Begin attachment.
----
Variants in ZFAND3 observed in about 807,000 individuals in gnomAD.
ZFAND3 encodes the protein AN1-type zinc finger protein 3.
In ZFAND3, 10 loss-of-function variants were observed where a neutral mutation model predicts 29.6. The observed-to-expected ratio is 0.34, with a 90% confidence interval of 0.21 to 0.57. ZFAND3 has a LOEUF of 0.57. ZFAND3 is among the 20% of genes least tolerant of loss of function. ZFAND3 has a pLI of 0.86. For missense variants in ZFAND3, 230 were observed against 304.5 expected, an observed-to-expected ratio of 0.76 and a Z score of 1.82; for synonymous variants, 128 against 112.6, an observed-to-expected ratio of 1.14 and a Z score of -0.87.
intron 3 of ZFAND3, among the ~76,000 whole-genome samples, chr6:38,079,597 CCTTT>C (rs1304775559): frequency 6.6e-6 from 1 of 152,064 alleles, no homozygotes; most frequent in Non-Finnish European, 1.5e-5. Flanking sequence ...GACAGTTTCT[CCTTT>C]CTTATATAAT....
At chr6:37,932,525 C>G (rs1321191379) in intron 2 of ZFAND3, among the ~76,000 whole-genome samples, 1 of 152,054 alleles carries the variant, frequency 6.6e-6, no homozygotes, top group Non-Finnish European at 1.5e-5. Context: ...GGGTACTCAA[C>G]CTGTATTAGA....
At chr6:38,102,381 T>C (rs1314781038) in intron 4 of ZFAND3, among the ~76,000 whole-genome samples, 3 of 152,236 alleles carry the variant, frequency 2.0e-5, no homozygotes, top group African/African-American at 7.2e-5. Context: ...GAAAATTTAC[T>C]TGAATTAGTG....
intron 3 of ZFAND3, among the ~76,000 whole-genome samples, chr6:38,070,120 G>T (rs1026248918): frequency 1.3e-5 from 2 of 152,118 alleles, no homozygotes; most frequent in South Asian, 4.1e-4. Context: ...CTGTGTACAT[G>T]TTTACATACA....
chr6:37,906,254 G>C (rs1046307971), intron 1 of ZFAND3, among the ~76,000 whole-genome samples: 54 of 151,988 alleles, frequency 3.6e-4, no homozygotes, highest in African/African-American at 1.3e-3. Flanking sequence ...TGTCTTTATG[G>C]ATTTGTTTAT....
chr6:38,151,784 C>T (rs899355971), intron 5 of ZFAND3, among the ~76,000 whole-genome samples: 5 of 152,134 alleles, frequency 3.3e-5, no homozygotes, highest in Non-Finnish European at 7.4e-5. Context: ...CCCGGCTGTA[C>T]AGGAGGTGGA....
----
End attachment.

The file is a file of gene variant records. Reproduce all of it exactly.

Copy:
Variants in ZFAND3 observed in about 807,000 individuals in gnomAD.
ZFAND3 encodes the protein AN1-type zinc finger protein 3.
In ZFAND3, 10 loss-of-function variants were observed where a neutral mutation model predicts 29.6. The observed-to-expected ratio is 0.34, with a 90% confidence interval of 0.21 to 0.57. ZFAND3 has a LOEUF of 0.57. ZFAND3 is among the 20% of genes least tolerant of loss of function. ZFAND3 has a pLI of 0.86. For missense variants in ZFAND3, 230 were observed against 304.5 expected, an observed-to-expected ratio of 0.76 and a Z score of 1.82; for synonymous variants, 128 against 112.6, an observed-to-expected ratio of 1.14 and a Z score of -0.87.
intron 3 of ZFAND3, among the ~76,000 whole-genome samples, chr6:38,079,597 CCTTT>C (rs1304775559): frequency 6.6e-6 from 1 of 152,064 alleles, no homozygotes; most frequent in Non-Finnish European, 1.5e-5. Flanking sequence ...GACAGTTTCT[CCTTT>C]CTTATATAAT....
At chr6:37,932,525 C>G (rs1321191379) in intron 2 of ZFAND3, among the ~76,000 whole-genome samples, 1 of 152,054 alleles carries the variant, frequency 6.6e-6, no homozygotes, top group Non-Finnish European at 1.5e-5. Context: ...GGGTACTCAA[C>G]CTGTATTAGA....
At chr6:38,102,381 T>C (rs1314781038) in intron 4 of ZFAND3, among the ~76,000 whole-genome samples, 3 of 152,236 alleles carry the variant, frequency 2.0e-5, no homozygotes, top group African/African-American at 7.2e-5. Context: ...GAAAATTTAC[T>C]TGAATTAGTG....
intron 3 of ZFAND3, among the ~76,000 whole-genome samples, chr6:38,070,120 G>T (rs1026248918): frequency 1.3e-5 from 2 of 152,118 alleles, no homozygotes; most frequent in South Asian, 4.1e-4. Context: ...CTGTGTACAT[G>T]TTTACATACA....
chr6:37,906,254 G>C (rs1046307971), intron 1 of ZFAND3, among the ~76,000 whole-genome samples: 54 of 151,988 alleles, frequency 3.6e-4, no homozygotes, highest in African/African-American at 1.3e-3. Flanking sequence ...TGTCTTTATG[G>C]ATTTGTTTAT....
chr6:38,151,784 C>T (rs899355971), intron 5 of ZFAND3, among the ~76,000 whole-genome samples: 5 of 152,134 alleles, frequency 3.3e-5, no homozygotes, highest in Non-Finnish European at 7.4e-5. Context: ...CCCGGCTGTA[C>T]AGGAGGTGGA....